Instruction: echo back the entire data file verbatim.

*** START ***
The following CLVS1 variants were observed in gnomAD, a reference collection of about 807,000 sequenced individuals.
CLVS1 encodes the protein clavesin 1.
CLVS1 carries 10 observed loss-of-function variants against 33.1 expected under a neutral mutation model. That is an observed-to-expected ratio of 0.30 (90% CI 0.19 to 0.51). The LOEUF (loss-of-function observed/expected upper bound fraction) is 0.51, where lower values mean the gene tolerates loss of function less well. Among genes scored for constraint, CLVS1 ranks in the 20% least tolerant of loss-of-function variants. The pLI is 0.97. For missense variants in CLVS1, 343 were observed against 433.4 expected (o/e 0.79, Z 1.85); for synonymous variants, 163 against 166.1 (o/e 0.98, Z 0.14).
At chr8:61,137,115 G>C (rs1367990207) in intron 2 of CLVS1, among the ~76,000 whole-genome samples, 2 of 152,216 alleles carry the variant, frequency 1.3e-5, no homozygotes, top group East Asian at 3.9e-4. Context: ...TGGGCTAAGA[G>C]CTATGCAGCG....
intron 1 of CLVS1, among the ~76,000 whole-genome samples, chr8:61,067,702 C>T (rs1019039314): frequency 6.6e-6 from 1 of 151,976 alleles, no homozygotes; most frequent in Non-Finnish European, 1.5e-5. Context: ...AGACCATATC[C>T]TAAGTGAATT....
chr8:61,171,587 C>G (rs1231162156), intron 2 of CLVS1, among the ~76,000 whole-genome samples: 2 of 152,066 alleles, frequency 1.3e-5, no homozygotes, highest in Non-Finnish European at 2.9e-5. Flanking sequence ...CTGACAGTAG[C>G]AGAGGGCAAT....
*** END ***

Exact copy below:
The following CLVS1 variants were observed in gnomAD, a reference collection of about 807,000 sequenced individuals.
CLVS1 encodes the protein clavesin 1.
CLVS1 carries 10 observed loss-of-function variants against 33.1 expected under a neutral mutation model. That is an observed-to-expected ratio of 0.30 (90% CI 0.19 to 0.51). The LOEUF (loss-of-function observed/expected upper bound fraction) is 0.51, where lower values mean the gene tolerates loss of function less well. Among genes scored for constraint, CLVS1 ranks in the 20% least tolerant of loss-of-function variants. The pLI is 0.97. For missense variants in CLVS1, 343 were observed against 433.4 expected (o/e 0.79, Z 1.85); for synonymous variants, 163 against 166.1 (o/e 0.98, Z 0.14).
At chr8:61,137,115 G>C (rs1367990207) in intron 2 of CLVS1, among the ~76,000 whole-genome samples, 2 of 152,216 alleles carry the variant, frequency 1.3e-5, no homozygotes, top group East Asian at 3.9e-4. Context: ...TGGGCTAAGA[G>C]CTATGCAGCG....
intron 1 of CLVS1, among the ~76,000 whole-genome samples, chr8:61,067,702 C>T (rs1019039314): frequency 6.6e-6 from 1 of 151,976 alleles, no homozygotes; most frequent in Non-Finnish European, 1.5e-5. Context: ...AGACCATATC[C>T]TAAGTGAATT....
chr8:61,171,587 C>G (rs1231162156), intron 2 of CLVS1, among the ~76,000 whole-genome samples: 2 of 152,066 alleles, frequency 1.3e-5, no homozygotes, highest in Non-Finnish European at 2.9e-5. Flanking sequence ...CTGACAGTAG[C>G]AGAGGGCAAT....